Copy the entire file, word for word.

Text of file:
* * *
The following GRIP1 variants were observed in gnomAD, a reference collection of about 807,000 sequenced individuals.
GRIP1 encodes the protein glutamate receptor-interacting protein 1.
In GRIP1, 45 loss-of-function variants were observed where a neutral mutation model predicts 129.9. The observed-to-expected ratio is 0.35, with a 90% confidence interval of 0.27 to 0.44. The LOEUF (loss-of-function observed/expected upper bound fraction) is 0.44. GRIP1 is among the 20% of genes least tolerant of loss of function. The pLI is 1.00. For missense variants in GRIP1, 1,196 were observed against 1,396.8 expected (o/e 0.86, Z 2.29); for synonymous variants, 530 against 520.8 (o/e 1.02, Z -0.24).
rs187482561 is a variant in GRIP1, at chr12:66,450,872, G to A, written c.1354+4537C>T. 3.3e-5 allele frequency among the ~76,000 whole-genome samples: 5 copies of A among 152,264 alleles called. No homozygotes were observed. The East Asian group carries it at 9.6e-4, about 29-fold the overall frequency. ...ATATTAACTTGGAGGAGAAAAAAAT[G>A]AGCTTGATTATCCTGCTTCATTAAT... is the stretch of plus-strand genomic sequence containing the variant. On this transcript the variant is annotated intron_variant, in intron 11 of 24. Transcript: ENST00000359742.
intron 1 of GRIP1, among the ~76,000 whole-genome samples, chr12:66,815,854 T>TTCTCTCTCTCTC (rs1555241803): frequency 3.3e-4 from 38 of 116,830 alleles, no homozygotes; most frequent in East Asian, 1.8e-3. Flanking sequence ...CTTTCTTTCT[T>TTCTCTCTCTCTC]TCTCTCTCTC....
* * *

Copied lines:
The following GRIP1 variants were observed in gnomAD, a reference collection of about 807,000 sequenced individuals.
GRIP1 encodes the protein glutamate receptor-interacting protein 1.
In GRIP1, 45 loss-of-function variants were observed where a neutral mutation model predicts 129.9. The observed-to-expected ratio is 0.35, with a 90% confidence interval of 0.27 to 0.44. The LOEUF (loss-of-function observed/expected upper bound fraction) is 0.44. GRIP1 is among the 20% of genes least tolerant of loss of function. The pLI is 1.00. For missense variants in GRIP1, 1,196 were observed against 1,396.8 expected (o/e 0.86, Z 2.29); for synonymous variants, 530 against 520.8 (o/e 1.02, Z -0.24).
rs187482561 is a variant in GRIP1, at chr12:66,450,872, G to A, written c.1354+4537C>T. 3.3e-5 allele frequency among the ~76,000 whole-genome samples: 5 copies of A among 152,264 alleles called. No homozygotes were observed. The East Asian group carries it at 9.6e-4, about 29-fold the overall frequency. ...ATATTAACTTGGAGGAGAAAAAAAT[G>A]AGCTTGATTATCCTGCTTCATTAAT... is the stretch of plus-strand genomic sequence containing the variant. On this transcript the variant is annotated intron_variant, in intron 11 of 24. Transcript: ENST00000359742.
intron 1 of GRIP1, among the ~76,000 whole-genome samples, chr12:66,815,854 T>TTCTCTCTCTCTC (rs1555241803): frequency 3.3e-4 from 38 of 116,830 alleles, no homozygotes; most frequent in East Asian, 1.8e-3. Flanking sequence ...CTTTCTTTCT[T>TTCTCTCTCTCTC]TCTCTCTCTC....